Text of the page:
Port Austin Air Force Station was one of twenty-eight stations built as part of the second segment of the Air Defense Command permanent radar network. Prompted by the start of the Korean War, on July 11, 1950, the Secretary of the Air Force asked the Secretary of Defense for approval to expedite construction of the permanent network. Receiving the Defense Secretary’s approval on July 21, the Air Force directed the Corps of Engineers to proceed with construction.
Over the years, the equipment at the station was upgraded or modified to improve the efficiency and accuracy of the information gathered by the radars. The site came under Tactical Air Command control in October 1979 with the inactivation of Aerospace Defense Command and the transfer of the site to Air Defense, Tactical Air Command (ADTAC).
In 1982, the main bearing of the search radar failed catastrophically. The FAA long-range radar site at Canton Michigan was then used as a temporary data-tie site until a replacement search radar could be installed at the base in 1983. The site remained in use as an Air Force site until 30 September 1988 when it was closed altogether.
Sebewaing Brewing Company brewed Sebewaing Beer until 1965. The brewery began life as the E.O. Braendle Brewery in 1880. A fire destroyed the wood frame building in 1893. It was rebuilt with brick walls three feet thick and operated the brewery until Prohibition. The Sebewaing name began during Prohibition when in 1927, the Sebewaing Products Company was organized to produce malt extract. As sales exceeded a million dollars per year, the brewery became Sebewaing’s main identity.
During its peak in the late 1950s and early 1960s, the brewery employed about 30 people. In 1962, a group of Detroit businessmen gained control of the company. The group expanded sales heavily throughout the region and state, in the hopes of taking the company’s brews national. In 1965, a brutal proxy battle eventually wound up putting the brewery back in the hands of local control, but the damage had been done. Sales declined and the reputation of the brewery suffered, and it closed in 1966.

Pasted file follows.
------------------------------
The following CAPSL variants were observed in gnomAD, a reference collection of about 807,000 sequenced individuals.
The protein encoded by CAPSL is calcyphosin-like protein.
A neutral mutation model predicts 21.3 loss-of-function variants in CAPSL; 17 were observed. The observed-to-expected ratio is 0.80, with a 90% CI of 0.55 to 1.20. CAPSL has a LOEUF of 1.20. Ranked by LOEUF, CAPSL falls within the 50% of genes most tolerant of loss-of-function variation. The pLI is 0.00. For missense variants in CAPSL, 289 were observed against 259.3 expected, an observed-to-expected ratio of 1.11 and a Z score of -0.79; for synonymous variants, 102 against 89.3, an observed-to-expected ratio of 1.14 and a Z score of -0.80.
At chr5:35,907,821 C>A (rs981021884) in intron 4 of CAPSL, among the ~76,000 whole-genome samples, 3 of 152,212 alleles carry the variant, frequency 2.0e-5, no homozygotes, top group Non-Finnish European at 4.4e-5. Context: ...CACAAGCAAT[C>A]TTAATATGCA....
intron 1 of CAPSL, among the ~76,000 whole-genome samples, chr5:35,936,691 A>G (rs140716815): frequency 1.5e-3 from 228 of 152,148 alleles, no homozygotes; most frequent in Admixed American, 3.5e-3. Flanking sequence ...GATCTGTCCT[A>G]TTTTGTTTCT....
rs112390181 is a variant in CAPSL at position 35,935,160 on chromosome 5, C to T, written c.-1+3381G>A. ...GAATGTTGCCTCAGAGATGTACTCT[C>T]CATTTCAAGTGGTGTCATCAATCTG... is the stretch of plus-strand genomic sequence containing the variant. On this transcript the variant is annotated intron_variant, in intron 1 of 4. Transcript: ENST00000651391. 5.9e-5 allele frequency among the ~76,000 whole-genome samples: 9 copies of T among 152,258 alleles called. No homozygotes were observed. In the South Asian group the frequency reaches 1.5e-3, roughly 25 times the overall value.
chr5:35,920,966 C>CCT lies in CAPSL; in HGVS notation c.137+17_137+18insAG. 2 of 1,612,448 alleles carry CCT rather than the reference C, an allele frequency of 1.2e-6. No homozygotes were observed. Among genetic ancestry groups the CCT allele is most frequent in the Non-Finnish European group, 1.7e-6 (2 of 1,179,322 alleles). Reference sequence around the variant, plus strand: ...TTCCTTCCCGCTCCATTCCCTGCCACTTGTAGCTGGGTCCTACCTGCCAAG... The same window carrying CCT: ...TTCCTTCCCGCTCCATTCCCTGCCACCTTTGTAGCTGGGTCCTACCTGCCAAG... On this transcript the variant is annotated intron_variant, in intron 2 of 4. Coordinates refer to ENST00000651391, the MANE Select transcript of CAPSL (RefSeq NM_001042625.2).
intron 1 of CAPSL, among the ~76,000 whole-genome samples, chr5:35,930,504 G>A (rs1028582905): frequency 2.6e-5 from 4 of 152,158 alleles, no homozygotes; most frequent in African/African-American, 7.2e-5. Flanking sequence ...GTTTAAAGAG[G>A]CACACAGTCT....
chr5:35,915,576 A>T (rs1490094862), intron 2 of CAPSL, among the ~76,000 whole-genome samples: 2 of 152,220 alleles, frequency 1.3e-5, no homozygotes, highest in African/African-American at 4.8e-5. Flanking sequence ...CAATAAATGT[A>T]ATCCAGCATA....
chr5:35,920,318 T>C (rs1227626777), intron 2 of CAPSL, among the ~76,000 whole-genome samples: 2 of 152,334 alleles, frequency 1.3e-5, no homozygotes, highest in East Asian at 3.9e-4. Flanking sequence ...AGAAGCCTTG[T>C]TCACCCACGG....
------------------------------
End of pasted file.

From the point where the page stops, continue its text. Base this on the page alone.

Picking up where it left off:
The last day of the Sebewaing Brewing Company was June 4, 1966.
In the movie Dr. Zhivago there is a memorable quote that goes something like, ”if you scratch a Russian a peasant can be found”. In our case the quote is “if you give a suburbanite a cool idea the frontierswoman come out.” Melissa got the idea of straw bale gardening from a book by Joel Karsten. Joel comes to us from Minnesota where the growing season is incredibly short and the soil tough to cultivate. The situation in northern Huron County Michigan is similar. With a large lot next to our cottage consisting of mostly of sand and a little acidic oak leaf loam the opportunity to put in a real successful garden was remote. So Melissa decided to experiment.
You Want Straw For What?
In farm country straw is used for animal bedding. In addition it’s typically cut and baled in the fall in huge rolls consisting of several hundred pounds. Finding baled straw in smaller bales is proved tough. However we managed to find a supply near Bayport that delivered a dozen bales to our lot. After heaving them into place and placing a snow fence around the site to deter deer, (good luck with that said a friend), we had an impressive structure of straw in neat rows and surrounded by security. We looked like a Denver based horticulture operation. Now what.
Time to experiment!
Our season has not started where someone can be full time up in the tip of the thumb. We still had to go to work. So we decided to get a couple of bales for the suburban back yard and start the 12 week “cooking” process required to break down the fibrous matter into lush soil-less material in which to plant. This offered us a chance to carefully hone skills required of our 12 bail garden up north. We spent about two weeks alternating between spreading organic fertilizer (pee-you) and watering. By the final days the bales are now decomposing with an internal temperature exceeding 90 degrees. I sacrificed my digital beer brewing thermometer for the cause.
Transferring this Experience into a Working Garden.
Over a Memorial Weekend campfire and several bottles of “2 Buck Chuck” we convinced our friends and neighbors to at the cottage contribute the effort by hosing down our northern garden each day then spend alternate days of spreading cool smelling chicken poop 10-10-10 onto the top of the bales. With 12 bales cooking I hope that the wind is blowing off the beach. its ripe! This 2nd weekend of June is finally planting weekend. Stay tuned.